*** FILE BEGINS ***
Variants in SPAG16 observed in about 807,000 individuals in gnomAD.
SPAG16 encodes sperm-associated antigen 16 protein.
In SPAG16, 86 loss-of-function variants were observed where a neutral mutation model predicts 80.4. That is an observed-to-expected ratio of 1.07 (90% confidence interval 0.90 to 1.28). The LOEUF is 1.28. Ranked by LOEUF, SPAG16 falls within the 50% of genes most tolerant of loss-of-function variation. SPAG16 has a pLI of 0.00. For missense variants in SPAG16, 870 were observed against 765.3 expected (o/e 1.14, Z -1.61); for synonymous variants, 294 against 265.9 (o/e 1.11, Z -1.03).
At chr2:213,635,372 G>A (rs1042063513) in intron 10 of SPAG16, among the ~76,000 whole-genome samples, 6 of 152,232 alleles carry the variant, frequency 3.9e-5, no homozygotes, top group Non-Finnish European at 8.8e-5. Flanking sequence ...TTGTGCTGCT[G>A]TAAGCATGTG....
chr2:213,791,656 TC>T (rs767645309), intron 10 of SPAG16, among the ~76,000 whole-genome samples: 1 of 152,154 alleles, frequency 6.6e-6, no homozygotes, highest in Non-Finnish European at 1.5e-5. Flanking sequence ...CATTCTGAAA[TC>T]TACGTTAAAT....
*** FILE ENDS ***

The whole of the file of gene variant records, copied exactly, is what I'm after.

Variants in SPAG16 observed in about 807,000 individuals in gnomAD.
SPAG16 encodes sperm-associated antigen 16 protein.
In SPAG16, 86 loss-of-function variants were observed where a neutral mutation model predicts 80.4. That is an observed-to-expected ratio of 1.07 (90% confidence interval 0.90 to 1.28). The LOEUF is 1.28. Ranked by LOEUF, SPAG16 falls within the 50% of genes most tolerant of loss-of-function variation. SPAG16 has a pLI of 0.00. For missense variants in SPAG16, 870 were observed against 765.3 expected (o/e 1.14, Z -1.61); for synonymous variants, 294 against 265.9 (o/e 1.11, Z -1.03).
At chr2:213,635,372 G>A (rs1042063513) in intron 10 of SPAG16, among the ~76,000 whole-genome samples, 6 of 152,232 alleles carry the variant, frequency 3.9e-5, no homozygotes, top group Non-Finnish European at 8.8e-5. Flanking sequence ...TTGTGCTGCT[G>A]TAAGCATGTG....
chr2:213,791,656 TC>T (rs767645309), intron 10 of SPAG16, among the ~76,000 whole-genome samples: 1 of 152,154 alleles, frequency 6.6e-6, no homozygotes, highest in Non-Finnish European at 1.5e-5. Flanking sequence ...CATTCTGAAA[TC>T]TACGTTAAAT....